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Why Cats Attack Pregnant Women: 5 Reasons & What to Do About It

Lorre Luther

By Lorre Luther

Pregnant woman sitting on the couch with a cat

Many cats are well-behaved around pregnant people, particularly those they consider part of their family. But every now and then, some become aggressive towards those expecting. Cats are exposed to new smells, routines, and products when their owner is expecting. And some cats don’t react well to environmental changes, often becoming stressed or anxious, which can lead to aggressive behavior. Keep reading to learn more about why cats sometimes attack pregnant people.

The 5 Reasons Cats Attack Pregnant Women

1. They’re Feeling Neglected

Cats that are attached to their human companions often develop anxiety when not receiving enough attention. It’s linked to new household routines that sometimes mean cats aren’t getting cuddles and playtime in the ways and at the times they expect.

Cats are creatures of habit that can be easily stressed when things don’t go as usual, and they can be exquisitely sensitive to even minor changes. While it may seem as if your cat is still getting lots of love and attention, they may be expecting attention at times when they’re no longer getting it.

2. They’re Sensing Hormone Changes

Cats have incredibly sharp senses of smell. They can sniff out subtle scents that humans don’t have enough scent receptors to pick up or interpret. Cats can most likely pick up on hormone changes that accompany pregnancy, which they may associate with negative environmental changes.

Cats primarily rely on scent to recognize each other. They also use smell to identify familiar environments and people. Due to pregnancy, their person’s old comforting scent is now different.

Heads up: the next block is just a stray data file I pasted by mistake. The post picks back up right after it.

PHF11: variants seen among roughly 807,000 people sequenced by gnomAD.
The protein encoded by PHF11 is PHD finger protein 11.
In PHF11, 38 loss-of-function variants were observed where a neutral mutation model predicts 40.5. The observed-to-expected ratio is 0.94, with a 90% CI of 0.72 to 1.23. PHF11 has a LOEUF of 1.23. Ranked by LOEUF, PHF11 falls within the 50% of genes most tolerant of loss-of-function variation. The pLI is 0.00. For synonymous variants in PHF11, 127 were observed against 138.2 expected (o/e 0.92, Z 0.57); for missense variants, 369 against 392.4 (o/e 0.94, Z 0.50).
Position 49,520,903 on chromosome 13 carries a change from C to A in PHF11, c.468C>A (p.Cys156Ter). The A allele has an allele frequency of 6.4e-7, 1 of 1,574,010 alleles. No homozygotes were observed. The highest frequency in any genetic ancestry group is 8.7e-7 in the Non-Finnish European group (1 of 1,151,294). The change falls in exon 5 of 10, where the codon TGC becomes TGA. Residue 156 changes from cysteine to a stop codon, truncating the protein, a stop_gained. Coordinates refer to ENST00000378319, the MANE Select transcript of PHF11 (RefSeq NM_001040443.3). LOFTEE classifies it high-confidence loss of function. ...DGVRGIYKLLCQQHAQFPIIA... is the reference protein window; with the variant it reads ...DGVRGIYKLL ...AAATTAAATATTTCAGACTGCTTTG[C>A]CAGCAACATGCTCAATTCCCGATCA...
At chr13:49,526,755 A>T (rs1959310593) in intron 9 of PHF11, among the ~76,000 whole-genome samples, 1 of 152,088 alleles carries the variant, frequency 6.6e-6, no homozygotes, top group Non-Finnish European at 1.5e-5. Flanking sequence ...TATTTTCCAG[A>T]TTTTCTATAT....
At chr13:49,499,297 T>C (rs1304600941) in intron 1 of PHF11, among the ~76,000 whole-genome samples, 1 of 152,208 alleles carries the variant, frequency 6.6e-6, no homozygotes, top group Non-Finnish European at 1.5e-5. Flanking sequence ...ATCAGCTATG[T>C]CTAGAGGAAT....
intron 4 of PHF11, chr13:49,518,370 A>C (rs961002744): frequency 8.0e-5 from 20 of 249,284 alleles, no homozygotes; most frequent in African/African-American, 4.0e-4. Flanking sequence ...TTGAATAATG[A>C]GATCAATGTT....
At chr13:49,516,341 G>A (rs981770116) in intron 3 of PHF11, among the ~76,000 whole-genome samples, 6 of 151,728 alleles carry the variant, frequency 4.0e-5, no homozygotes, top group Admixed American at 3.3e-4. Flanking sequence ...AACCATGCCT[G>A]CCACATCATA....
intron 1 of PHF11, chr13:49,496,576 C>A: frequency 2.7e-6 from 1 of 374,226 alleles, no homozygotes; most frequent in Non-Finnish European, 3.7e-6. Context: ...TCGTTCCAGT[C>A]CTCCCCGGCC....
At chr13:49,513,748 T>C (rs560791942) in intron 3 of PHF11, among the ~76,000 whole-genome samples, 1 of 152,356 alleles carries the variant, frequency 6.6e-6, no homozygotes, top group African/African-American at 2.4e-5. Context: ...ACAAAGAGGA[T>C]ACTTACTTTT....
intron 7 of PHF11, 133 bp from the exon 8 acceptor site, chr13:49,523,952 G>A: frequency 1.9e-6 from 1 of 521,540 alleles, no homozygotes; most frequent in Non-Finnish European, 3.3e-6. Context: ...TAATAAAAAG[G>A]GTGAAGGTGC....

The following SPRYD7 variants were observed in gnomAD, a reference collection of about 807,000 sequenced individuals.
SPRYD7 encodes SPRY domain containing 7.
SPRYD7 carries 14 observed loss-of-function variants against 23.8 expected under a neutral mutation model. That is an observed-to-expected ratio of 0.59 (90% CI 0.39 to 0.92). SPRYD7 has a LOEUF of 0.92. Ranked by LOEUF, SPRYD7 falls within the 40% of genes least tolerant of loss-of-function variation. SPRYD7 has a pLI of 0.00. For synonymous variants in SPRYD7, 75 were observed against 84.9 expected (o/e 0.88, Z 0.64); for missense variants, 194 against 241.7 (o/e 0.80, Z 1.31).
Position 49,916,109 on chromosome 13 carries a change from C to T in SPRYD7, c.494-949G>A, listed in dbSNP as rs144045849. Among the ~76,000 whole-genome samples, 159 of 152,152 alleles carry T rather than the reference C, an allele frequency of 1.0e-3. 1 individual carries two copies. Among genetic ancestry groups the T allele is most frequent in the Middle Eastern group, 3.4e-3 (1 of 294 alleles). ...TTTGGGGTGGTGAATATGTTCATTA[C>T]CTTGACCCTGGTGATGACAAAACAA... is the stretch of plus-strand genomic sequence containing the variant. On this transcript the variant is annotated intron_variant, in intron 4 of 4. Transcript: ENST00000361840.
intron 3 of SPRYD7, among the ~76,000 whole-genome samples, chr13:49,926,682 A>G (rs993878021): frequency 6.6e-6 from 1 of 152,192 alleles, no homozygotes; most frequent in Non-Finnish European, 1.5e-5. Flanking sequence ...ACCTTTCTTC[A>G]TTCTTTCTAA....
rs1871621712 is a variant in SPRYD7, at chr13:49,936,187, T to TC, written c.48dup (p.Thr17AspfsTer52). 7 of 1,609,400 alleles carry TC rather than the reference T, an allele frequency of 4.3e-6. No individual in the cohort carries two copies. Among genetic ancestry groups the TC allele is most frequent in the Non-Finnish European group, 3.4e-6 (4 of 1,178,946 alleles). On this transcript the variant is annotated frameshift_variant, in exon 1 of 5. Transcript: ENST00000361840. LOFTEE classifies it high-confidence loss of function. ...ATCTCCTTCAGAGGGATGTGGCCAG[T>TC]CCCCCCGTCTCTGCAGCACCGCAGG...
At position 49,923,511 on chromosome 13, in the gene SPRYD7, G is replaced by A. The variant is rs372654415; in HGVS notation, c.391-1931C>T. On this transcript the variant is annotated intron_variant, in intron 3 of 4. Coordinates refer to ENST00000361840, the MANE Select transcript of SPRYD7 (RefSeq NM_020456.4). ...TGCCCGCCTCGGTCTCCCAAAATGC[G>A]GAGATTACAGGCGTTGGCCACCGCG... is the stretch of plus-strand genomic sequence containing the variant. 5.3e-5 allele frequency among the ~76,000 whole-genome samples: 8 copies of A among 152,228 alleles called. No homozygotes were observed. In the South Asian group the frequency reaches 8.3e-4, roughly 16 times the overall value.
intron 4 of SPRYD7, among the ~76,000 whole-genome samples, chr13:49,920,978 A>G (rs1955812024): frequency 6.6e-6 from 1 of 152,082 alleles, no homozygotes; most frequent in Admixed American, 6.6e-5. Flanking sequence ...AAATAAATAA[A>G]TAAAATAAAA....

cat smelling woman's chin
Image Credit: Koldunov Alexey, Shutterstock

3. They’re Scared

Stress and anxiety can lead to fear-based aggression in cats. Pets who are anxious about changes and insecure can bite and strike out when not feeling comfortable. If a cat was given away by a pregnant owner before coming to its new home, it may become scared of losing its home and react out of fear when the new owner is pregnant. Other signs to look out for that may indicate feline anxiety include lack of appetite and avoiding eye contact with the pregnant person.

4. They Have Behavioral Issues

Many cats are perfectly mellow when feeling secure and content but have underlying behavioral issues that can manifest under stressful conditions. Cats often pick up on and respond to their loved one’s stress levels. If you’re worried or concerned, your cat may be picking up on and adapting to your emotions.

Other signs of feline stress and anxiety include excessive licking and hiding. These problems often become manageable once cats start feeling comfortable once again.

An angry brown and white cat with black stripes
Image Credit: RomanaMart, Shutterstock

5. They’re Unhappy About Environmental Changes

Cats often become stressed by environmental changes, such as being excluded from rooms they previously had access to, which can lead to them feeling neglected, excluded, and afraid of losing their person’s love.